Georges Blain ( fr. Georges Blun [ʒɔʁʒ blœ̃] ; June 1, 1893 -?) - French journalist, agent of Soviet intelligence. Operational pseudonyms: Deil, Long, Leo, Ellie, Andre Choisy, Leonard Henry Long, Leo.
Georges Blain in the background in the center. 1928
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|Place of Birth||Alsace-Lorraine , France|
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Born June 1, 1893 in Alsace-Lorraine. French by origin. Parents: Georges and Lucy Korvizor. He was married to Maria Kenzel, a journalist.
He worked for the British and French secret services during the First World War . In 1920 he was expelled from Switzerland for subversive activities.
From 1925 to 1930, he worked in Germany , mainly in Berlin , as a correspondent for various newspapers, including Soire of Paris and the Journal des débats .
During the Second World War
In 1939, Georges Blain moved his correspondent office to Zurich , where he established good relations with the Germans. He also met many of the important people who worked for Swiss intelligence. In Switzerland, he was allowed to remain only under police surveillance.
In October 1941, Salter brought Otto Pünther (Pacbo) to Blen. Through Pakbo, Blaine met the Soviet intelligence officer, Shandor Rado .
From the memories of Shandor Rado:
These days, along with the next information, I received a note from Long through Pakbo. The Frenchman congratulated me on the grand victory of the Soviet weapon, wrote about his admiration for the combat capability and heroism of the Red Army. Long also asked to excuse him for that temporary discouragement which he could not overcome in himself a few months ago, for the doubts expressed to me at our meeting.
Yes, such a conversation was really between us. This happened when German troops approached the foothills of the Caucasus, and in Stalingrad itself broke through to the banks of the Volga.
Always cheerful and cheerful, Long fell into despair. It already seemed to him that everything was lost and the information that he was extracting for us hardly has any meaning. About this, I was told by Parkbo with great concern on one of my dates:
- Long insists on meeting with the main team leader. We could not lose such an experienced and talented intelligence officer as Long. I agreed, as an exception, to see him, violating the strictest conspiracy rules. But there was no other way out.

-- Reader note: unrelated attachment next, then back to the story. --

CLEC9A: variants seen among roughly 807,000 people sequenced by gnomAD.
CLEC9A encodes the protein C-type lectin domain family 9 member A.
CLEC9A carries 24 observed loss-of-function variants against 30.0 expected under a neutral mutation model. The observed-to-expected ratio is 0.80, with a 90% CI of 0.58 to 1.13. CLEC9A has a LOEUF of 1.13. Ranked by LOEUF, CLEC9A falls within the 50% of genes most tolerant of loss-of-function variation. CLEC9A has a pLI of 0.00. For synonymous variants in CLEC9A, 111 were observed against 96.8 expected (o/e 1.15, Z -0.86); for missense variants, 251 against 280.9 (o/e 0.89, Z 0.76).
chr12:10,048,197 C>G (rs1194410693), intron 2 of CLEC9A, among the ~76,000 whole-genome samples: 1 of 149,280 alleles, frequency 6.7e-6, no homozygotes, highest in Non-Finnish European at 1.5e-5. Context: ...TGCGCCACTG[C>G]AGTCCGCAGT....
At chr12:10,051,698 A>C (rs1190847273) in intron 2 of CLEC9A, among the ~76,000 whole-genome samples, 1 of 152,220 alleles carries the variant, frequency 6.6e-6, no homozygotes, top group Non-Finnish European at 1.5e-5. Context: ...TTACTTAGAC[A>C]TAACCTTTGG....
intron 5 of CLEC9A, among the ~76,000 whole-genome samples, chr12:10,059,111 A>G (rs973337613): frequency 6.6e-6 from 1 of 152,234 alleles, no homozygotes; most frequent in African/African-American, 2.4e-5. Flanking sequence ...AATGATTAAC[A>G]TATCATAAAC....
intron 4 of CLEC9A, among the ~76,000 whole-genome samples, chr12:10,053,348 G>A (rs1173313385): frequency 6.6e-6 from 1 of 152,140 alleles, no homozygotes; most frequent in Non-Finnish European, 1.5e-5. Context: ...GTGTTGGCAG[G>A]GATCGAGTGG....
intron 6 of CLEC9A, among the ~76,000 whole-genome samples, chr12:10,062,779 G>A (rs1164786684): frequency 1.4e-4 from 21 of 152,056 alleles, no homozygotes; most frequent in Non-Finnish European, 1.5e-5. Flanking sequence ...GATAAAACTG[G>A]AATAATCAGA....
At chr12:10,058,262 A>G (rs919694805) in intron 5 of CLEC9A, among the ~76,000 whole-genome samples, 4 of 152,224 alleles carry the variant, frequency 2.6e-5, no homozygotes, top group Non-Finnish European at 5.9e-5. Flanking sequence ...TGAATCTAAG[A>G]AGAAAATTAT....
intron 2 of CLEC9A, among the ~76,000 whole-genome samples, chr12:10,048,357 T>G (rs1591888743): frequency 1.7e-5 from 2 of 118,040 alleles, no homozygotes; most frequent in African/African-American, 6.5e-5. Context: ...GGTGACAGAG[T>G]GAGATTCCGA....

Our acquaintance took place in Bern, at the Pacbo apartment. I saw before me a very handsome man, short, broad-shouldered and red-cheeked. In appearance, Long was fifty years old. We talked then long past midnight. I do not know how much my words cheered up the depressed Long, but the information from him continued to flow, as before, neatly and was very useful.  .
Usually, Blaine lived in Berlin , although he was in Switzerland and France. In 1942, he created a refuge in Vorarlberg , for which the Soviet paratroopers in Austria paid him. One of the agents issued it. After interrogation by the Gestapo, Blaine was released.
From January to September 1943, he supplied information to the Swiss secret service. In 1943, Blain offered his services to French intelligence, but she could not pay the amount claimed by him.
Blain had an informant with the pseudonym "Agnes" - Ernst Lemmer , a Berlin correspondent for the Neue Zürcher Zeitung , who repeatedly came to Switzerland and was associated with anti-Nazi plotters . In addition, Blan gave Soviet intelligence information that Brooder (Brother), Fanny, Roth (Red) and Louise received from sources. The last pseudonym designated the intelligence department of the Swiss General Staff. Blain contacted the employees of the Swiss Intelligence and Counterintelligence Service, and also among the informants of Blan were German journalists, the announcer of the Swiss airline and the Swedish industrialists. Blanc collaborated with members of the French resistance.
The American intelligence officer in Switzerland, Allen Dulles, also came into contact with Blain and his German colleague, journalist Walter Bosshard, who were associated with former German Chancellor Joseph Wirth , who lived in exile in Switzerland.
After World War II
After World War II, Blanc left Switzerland and moved to East Berlin , where he worked for Soviet intelligence. In the fall of 1947, he came into contact with Japanese diplomats. Then he moved to Geneva , where he became a correspondent for Gazette de Geneve.
- Igor Bondarenko: “Red pianists” Roman chronicle.
- Alain Dulles: "Aces espionage"
- Leo Liner "Venona. The most secret operation of the American special services "
- Sandor Rado "Under the pseudonym of Dora"
- Kolpakidi Alexander Ivanovich IMPERIA GRU Essays on the history of Russian military intelligence Military intelligence in Russia before 1917
- Kolpakidi Alexander Ivanovich: “The Empire of the GRU. Essays on the history of Russian military intelligence "
- “The defectors: shot in absentia”
- Kolpakidi Alexander Ivanovich: "Encyclopedia of the military intelligence of Russia"
- Dmitry Prokhorov: "How much does it cost to sell the Motherland"
- Viktor Kuznetsov: "The NKVD against the Gestapo"
- Oleg Gordievsky, Christopher Andrew “KGB. History of foreign operations from Lenin to Gorbachev "